Optimizing video playback performance

Norbert Potocki | Pinterest engineering manager, Video & Image Platform

Guaranteeing a great video playback experience for all Pinterest users is a big engineering challenge. In this post, we’ll discuss various aspects of playback performance and how our engineering team optimized it. Read on!

The importance of playback performance

Engagement with video is significantly impacted by how fast it performs. There are external analyses showing how interruption or slowness of video loading can result in users abandoning the experience. A three second delay can cost you 13 percent of views. It takes a lot of infrastructure and fine tuning to consistently meet a performance bar. This is especially true in places with poor network infrastructures. The type of smartphone and data plan a user has can also make a big difference.

Five symptoms of poor video performance

To make sound decisions and set meaningful performance goals we needed visibility into how video performs on all client platforms (web, Android and iOS) and across various geographical regions. To do this, we started working backwards by identifying how performance bottlenecks manifest themselves to Pinners and how we can measure them.

Symptom 1: Video loads slowly

How many times have you become restless while watching the spinner turn as you wait for a video to load? We’ve all been there. To capture and measure the scale of this issue we use a metric called Perceived Wait Time (PWT). It measures the time between the user’s intent to see a video (click on a video, scroll auto-playing video into the viewport) and the moment the playback starts. There are few other metrics we pay close attention to:

  • Time to first frame (TTFF): The time between the video request being sent and the moment the video is loaded (i.e. enough data is received to render the first frame). It can be significantly higher than PWT if the client implements prefetching or stores a copy of the video locally.
  • The number of adaptive bitrate (ABR) streaming segments needed for playback to start. (We’ll cover this in more detail later.)
  • Network-level metrics: Technical metrics for connection performance analysis. These include DNS resolution time, connection handshake time, download speed and bandwidth utilization.
Waiting for a video to load can be annoying — displaying a spinner doesn’t help much.

Symptom 2: Video pauses randomly

Have you ever seen a video suddenly pause halfway through? There are several reasons why this could happen, and we try to measure the issue with these metrics:

  • Number of stalls per-play: How often a video playback pauses and falls into “buffering” state. This is weighted by the video length when we aggregate over multiple playback sessions.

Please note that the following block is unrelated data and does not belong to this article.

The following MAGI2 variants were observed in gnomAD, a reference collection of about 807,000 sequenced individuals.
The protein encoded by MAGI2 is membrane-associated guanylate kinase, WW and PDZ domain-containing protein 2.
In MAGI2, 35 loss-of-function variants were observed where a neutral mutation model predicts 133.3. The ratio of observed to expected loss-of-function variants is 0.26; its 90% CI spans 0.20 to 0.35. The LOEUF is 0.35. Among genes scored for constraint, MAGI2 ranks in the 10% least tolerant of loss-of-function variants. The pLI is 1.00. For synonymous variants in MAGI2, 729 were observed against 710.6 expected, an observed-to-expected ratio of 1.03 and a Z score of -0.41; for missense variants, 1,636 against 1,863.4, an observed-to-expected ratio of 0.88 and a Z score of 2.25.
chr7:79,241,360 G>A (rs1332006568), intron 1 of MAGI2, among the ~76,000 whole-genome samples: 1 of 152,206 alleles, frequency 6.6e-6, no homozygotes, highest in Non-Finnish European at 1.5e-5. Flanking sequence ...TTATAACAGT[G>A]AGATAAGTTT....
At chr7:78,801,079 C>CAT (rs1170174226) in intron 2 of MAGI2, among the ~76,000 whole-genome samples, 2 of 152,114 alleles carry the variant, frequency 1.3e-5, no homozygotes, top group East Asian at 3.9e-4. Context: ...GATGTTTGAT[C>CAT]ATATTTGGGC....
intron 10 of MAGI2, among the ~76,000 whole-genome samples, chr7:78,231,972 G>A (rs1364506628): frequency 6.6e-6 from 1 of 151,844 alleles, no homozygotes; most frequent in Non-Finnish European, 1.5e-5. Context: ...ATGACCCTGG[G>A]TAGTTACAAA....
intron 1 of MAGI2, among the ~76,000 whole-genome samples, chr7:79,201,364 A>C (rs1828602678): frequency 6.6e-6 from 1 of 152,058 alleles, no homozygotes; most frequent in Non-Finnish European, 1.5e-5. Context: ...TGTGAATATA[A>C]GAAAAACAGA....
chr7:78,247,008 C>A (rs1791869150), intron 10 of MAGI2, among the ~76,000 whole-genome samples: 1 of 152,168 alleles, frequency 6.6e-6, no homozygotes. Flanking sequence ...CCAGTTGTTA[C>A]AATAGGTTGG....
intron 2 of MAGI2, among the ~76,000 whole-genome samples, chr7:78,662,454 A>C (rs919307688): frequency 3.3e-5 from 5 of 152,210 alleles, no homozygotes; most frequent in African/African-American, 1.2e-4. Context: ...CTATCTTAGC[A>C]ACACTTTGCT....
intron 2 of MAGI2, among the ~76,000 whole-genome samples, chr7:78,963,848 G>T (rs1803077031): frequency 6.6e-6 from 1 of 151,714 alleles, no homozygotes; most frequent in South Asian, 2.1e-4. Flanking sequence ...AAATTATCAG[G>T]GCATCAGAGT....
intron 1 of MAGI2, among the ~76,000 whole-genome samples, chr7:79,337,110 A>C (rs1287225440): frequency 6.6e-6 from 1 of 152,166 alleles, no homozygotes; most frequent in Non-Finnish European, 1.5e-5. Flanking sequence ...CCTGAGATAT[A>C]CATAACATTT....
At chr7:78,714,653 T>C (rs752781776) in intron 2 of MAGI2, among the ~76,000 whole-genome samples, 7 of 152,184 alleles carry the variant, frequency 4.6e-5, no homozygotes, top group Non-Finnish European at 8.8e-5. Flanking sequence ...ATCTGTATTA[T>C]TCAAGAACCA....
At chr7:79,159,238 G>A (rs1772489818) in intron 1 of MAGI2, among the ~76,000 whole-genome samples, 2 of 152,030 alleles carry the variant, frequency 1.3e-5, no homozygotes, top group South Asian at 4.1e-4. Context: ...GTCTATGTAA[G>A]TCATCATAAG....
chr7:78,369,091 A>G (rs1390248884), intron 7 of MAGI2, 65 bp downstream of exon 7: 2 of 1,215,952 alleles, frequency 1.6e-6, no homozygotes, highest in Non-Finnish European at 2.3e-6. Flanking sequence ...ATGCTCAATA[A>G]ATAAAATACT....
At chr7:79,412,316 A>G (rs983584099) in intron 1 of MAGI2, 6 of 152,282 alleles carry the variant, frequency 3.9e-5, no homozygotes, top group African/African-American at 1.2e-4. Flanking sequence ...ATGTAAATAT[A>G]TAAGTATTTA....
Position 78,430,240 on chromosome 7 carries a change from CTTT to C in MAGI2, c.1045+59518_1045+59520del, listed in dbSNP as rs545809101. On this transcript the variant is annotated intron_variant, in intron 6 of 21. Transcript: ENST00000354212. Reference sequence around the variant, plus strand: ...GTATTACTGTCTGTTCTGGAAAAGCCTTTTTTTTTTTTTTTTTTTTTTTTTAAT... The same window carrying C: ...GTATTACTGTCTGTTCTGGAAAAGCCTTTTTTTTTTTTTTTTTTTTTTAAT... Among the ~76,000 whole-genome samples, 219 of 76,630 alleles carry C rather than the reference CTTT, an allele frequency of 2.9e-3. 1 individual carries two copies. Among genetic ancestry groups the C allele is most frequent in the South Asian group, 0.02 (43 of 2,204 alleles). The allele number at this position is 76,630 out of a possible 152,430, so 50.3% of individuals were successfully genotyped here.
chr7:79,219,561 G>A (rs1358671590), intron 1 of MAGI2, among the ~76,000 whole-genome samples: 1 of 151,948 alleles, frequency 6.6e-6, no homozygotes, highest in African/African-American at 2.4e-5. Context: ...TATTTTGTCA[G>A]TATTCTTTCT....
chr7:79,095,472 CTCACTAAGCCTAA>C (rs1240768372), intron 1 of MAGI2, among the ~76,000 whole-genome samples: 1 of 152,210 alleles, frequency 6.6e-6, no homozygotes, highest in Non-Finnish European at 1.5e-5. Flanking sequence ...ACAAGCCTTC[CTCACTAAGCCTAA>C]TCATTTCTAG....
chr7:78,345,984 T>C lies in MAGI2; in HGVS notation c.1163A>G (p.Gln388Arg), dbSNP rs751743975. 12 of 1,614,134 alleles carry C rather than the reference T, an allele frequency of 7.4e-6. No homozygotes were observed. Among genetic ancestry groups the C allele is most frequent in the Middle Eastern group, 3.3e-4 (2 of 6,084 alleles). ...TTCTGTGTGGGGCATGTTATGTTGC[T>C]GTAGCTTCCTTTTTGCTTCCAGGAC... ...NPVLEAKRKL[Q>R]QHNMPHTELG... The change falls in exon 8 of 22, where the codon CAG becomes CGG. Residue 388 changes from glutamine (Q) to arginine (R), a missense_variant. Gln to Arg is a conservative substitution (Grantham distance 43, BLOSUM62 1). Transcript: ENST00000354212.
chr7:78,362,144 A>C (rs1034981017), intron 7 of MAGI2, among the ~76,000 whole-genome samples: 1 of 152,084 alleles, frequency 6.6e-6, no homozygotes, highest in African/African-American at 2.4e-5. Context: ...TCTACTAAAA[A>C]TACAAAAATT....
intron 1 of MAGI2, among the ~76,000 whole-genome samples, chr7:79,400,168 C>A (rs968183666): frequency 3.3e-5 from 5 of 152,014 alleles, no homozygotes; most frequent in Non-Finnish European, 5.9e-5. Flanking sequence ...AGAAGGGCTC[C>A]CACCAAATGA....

• Time-to-resume (lag length): How long it takes from the moment a user sees the stalled video to the moment it resumes.

Symptom 3: Low picture quality

Another symptom of poor performance is a low picture quality which is commonly a result of not having sufficient bandwidth to deliver a higher quality video stream. This could also be a result of a poorly optimized video or lagging infrastructure. To identify which scenario it is, we review the following metrics:

  • Video variant usage: Measures how many times each video variant is used and counted on a single ABR segment level.
  • A number of variant changes during playback: How often the video changed a variant that’s shown to the user.
  • Bandwidth utilization: How much of the available bandwidth is used by the video stream.

Symptom 4: When seeking (scrubbing) through a video it takes a while for it to resume

When you drag and release the scrubber, you expect the video to resume immediately. Often that’s not the case, and you have to wait for the playback to start again. We monitor this lag with a metric called Trick Mode Delay.

Scrubbing should be a snappy experience.

Symptom 5: Video is out of sync with audio or doesn’t play altogether

This behavior can be caused by a multitude of reasons, but very often it’s due to the end device being underpowered. To understand the issue better, we use information about device capabilities including data on hardware support for the codecs we use and device resource utilization during playback.

Our remedy: Well-tuned Adaptive Bitrate (ABR) streaming

To enable efficient streaming and mitigate some of the problems listed above we use adaptive bitrate streaming, which is currently the industry standard for video delivery. Two of the most popular implementations of ABR streaming are Apple’s HLS and MPEG-DASH. Both of these technologies work by encoding a source video file into multiple streams with different bitrate. Then those streams split into smaller segments with similar duration times (e.g. few seconds). The video player then seamlessly switches between the streams depending on the available bandwidth and other factors. This allows the video to still play (at a lower quality) when the signal is poor and jump to the higher quality stream when the signal strengthens.

Tuning ABR streaming

The tricky part of working with ABR is fine-tuning the configuration for each of the streams so they perform at their best within the product. It’s worth mentioning that there’s no single configuration that can be universally applied to all products. It’s a highly product-specific setup which evolves over time. At Pinterest we deal mostly with short, pre-generated content (think VoD) that autoplays as users scroll through their home feed. It’s mostly used on various mobile devices where bandwidth can be limited. Let’s discuss which parameters can be tuned to satisfy that criteria.